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Game Freak on Pokemon’s sustained success, keeping the main games on handhelds, more

Posted on October 16, 2016 by (@NE_Brian) in General Nintendo, News

Pokemon is celebrating its 20th anniversary this year. Junichi Masuda is one of the main developers responsible for its success, as he’s been working on the series since the very beginning. He started out as a programmer and composer before eventually becoming a director.

Speaking about Pokemon’s long-lasting success and continued relevance in the latest issue of EDGE, Masuda has this to say:

“There are so many variables in the games market that it’s not easy to define why Pokemon has had sustained success. There’s no doubt that the core elements of collecting, battling and trading have a lasting appeal when it comes to kids. But the thing that all our games really have in common is that we start by designing them with the younger audience in mind, and then add elements for our other core players. This means that even people who have never played the game before can easily buy it and get stuck in.”

Masuda also commented on how the competitive nature of Pokemon has helped the franchise gain appeal outside of its traditional demographic:

“There are lots of activities that can be enjoyed by adults alongside kids. Think about football, for example. Younger kids may not understand the more complex rules of the game, but both they and adults alike can enjoy playing and seeing the incredible skills of real players. We’re always researching these kinds of elements that can be appreciated and enjoyed regardless of age, and looking to add them to our games.”

One challenging aspect for Game Freak has been mixing the new with the old. Masuda noted, “When you have a game formula that resonates so well with the fans, you need to cater for what they’re expecting, as well as innovate in ways that will excite both them and new players coming to the world of Pokemon for the first time.”

He went on to later add:

“Pokemon has been consistent in delivering a positive player experience over the past 20 years and, as such, we’re seeing a real nostalgia coming through from those who played the earlier versions of the games. I think the fact that we’ve never overhauled the series and created a divide between the old and the new is also one of the reasons Pokemon has enjoyed such longevity.”

Keeping in line with Pokemon’s traditions, the main games have always stayed on systems. Some fans have requested the series to appear on consoles, but Masuda mentions that a key element is having players meeting up, trading, and battling over Pokemon.

“When coming up with the idea of Pokemon, what we really wanted to create was something where people could get together and have fun trading, battling, showing off their Pokemon collection, and just talking about their own adventures with the game. Handheld consoles and devices offer us the best way to achieve this vision.”

This all goes back to the significance Pokemon places on communication. During his talk with EDGE, Masuda discussed how important he feels it is to form memories with other players.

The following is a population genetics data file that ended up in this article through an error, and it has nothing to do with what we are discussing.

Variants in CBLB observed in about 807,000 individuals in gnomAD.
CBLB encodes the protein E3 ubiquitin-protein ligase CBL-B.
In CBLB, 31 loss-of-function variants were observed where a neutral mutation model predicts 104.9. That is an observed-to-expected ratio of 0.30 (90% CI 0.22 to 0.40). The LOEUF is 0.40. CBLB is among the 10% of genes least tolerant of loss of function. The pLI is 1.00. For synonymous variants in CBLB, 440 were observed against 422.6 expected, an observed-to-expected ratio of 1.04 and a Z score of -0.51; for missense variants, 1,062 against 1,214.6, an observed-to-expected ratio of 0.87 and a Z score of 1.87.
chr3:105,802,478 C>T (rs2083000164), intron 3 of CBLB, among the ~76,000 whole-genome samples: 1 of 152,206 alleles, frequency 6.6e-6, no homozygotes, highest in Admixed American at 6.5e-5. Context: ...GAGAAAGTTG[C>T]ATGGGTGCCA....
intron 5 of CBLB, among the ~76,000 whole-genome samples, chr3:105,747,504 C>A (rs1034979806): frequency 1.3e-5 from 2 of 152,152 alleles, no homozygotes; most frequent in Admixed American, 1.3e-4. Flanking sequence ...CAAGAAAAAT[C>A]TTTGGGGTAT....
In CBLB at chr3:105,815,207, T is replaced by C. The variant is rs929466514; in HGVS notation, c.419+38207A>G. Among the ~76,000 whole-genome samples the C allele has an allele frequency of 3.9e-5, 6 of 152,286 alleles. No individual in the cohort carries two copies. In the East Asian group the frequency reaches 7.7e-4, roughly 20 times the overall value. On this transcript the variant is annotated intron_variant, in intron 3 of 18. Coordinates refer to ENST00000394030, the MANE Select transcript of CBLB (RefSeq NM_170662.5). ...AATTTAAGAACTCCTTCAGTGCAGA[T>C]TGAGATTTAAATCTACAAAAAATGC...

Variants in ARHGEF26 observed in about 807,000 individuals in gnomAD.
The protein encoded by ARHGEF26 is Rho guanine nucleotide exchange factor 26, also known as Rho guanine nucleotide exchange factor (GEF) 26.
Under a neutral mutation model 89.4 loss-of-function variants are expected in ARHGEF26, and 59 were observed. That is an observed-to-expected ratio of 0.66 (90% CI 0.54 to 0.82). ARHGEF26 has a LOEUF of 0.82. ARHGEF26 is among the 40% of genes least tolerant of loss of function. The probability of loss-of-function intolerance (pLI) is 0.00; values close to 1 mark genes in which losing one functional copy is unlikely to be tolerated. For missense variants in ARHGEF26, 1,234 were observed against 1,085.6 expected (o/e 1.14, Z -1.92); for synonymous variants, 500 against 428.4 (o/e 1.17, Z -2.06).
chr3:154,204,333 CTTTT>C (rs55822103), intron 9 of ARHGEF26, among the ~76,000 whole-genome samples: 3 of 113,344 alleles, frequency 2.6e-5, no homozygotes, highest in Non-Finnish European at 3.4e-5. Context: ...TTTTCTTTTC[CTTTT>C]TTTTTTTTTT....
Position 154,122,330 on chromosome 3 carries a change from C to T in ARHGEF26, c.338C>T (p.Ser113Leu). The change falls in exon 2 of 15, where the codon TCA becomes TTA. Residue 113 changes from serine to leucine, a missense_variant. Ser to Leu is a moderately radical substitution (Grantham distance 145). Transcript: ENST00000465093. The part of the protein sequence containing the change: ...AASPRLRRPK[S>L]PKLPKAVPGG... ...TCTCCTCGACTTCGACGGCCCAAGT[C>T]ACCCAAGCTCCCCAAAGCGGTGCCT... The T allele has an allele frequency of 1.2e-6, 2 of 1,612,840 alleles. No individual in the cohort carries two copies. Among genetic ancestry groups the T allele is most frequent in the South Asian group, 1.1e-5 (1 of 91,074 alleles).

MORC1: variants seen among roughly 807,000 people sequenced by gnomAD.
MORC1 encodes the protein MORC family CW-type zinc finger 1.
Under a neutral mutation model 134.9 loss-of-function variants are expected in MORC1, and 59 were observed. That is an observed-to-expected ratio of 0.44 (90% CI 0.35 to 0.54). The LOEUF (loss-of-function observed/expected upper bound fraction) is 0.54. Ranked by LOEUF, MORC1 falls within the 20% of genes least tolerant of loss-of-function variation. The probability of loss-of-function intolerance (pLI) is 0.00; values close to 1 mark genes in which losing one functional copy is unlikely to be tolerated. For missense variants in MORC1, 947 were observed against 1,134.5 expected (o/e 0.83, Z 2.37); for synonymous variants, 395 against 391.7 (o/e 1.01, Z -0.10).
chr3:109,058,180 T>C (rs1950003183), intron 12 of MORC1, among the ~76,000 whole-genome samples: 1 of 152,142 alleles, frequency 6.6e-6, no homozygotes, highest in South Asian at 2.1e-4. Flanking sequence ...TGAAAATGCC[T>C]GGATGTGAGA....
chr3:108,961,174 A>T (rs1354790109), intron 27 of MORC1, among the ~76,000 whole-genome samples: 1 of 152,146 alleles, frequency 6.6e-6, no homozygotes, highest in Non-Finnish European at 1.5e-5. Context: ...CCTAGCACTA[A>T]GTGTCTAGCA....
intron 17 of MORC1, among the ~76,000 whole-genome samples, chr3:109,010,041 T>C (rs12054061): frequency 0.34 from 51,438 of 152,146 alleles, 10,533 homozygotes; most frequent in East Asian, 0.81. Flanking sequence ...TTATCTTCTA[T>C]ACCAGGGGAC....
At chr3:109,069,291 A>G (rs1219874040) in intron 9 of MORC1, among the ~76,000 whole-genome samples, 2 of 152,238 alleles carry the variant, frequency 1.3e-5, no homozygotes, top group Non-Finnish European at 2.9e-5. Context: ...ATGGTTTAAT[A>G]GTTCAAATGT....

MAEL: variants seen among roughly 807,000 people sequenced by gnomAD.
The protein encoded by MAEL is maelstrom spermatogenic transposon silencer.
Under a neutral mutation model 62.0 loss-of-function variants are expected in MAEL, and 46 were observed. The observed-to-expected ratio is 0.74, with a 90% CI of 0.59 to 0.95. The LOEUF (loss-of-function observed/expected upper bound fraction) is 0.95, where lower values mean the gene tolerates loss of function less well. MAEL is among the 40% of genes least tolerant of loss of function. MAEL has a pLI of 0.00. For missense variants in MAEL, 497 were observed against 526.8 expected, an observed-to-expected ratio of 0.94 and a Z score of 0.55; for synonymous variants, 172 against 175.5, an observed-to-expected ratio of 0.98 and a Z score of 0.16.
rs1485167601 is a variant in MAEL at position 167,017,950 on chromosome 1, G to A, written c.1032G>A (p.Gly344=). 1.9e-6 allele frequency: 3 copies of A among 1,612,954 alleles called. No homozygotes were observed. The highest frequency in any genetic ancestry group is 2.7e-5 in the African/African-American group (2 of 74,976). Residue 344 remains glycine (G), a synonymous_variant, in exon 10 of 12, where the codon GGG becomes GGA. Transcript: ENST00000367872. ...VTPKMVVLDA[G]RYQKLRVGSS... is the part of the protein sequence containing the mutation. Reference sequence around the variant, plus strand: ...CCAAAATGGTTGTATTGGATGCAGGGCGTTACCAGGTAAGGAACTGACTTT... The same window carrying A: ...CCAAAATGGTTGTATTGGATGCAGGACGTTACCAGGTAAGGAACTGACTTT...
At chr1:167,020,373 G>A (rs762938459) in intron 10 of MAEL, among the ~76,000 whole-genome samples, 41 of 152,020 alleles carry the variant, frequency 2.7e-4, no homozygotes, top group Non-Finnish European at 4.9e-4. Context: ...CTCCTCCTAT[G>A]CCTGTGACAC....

“We want Pokemon to be a means of communication. What I really want to do is to connect people, then help them form great memories by experiencing these distributions and such in certain places. I think of it like having a meal. By itself, a meal is usually pretty forgettable – it can be hard to even remember what you had for lunch yesterday! But if you go for a meal with a close friend at a restaurant you love, you’ll remember that meal for a long time. I want to give people memorable Pokemon experiences with one another.”

Masuda described the introduction of online trading in the Pokemon games as “a very natural development”. This is because “trading is really at the heart of Pokemon” and “many aspects of the game were created to facilitate or encourage trading – the large number of Pokemon, the ability to nickname them, the Pokédex and, of course, the creation of two different versions.”

Masuda is actually composing music for Pokemon Sun/Moon, of which EDGE states that the OST will feature 175 tracks. Masuda’s approach to making songs has changed slightly, as hardware has improved and the team is now capable of producing “almost any sounds and tones we like.” That means Game Freak needs “to produce sound with the same level of quality you’d expect when producing a CD.”

Masuda ended his talk with EDGE by extending thanks to the fans. It’s all because of those who appreciate Pokemon that the series has continued after so many years.

“What I’m most grateful for is that so many fans have supported Pokemon all this time. Without them, Pokemon wouldn’t be where it is today, and Pokemon Go certainly wouldn’t have seen the phenomenal success that it has so far. I really love getting to meet and talk with Pokemon fans, and they’ve given me so many great memories throughout the years. As a recent example, not long ago I gave a speech at the Japan Expo in Paris, and I was blown away that over 3,000 people came to hear it. Pokemon Go seems to have really resonated with people and has huge numbers of players all over the world. It’s far beyond anything I had ever imagined.”

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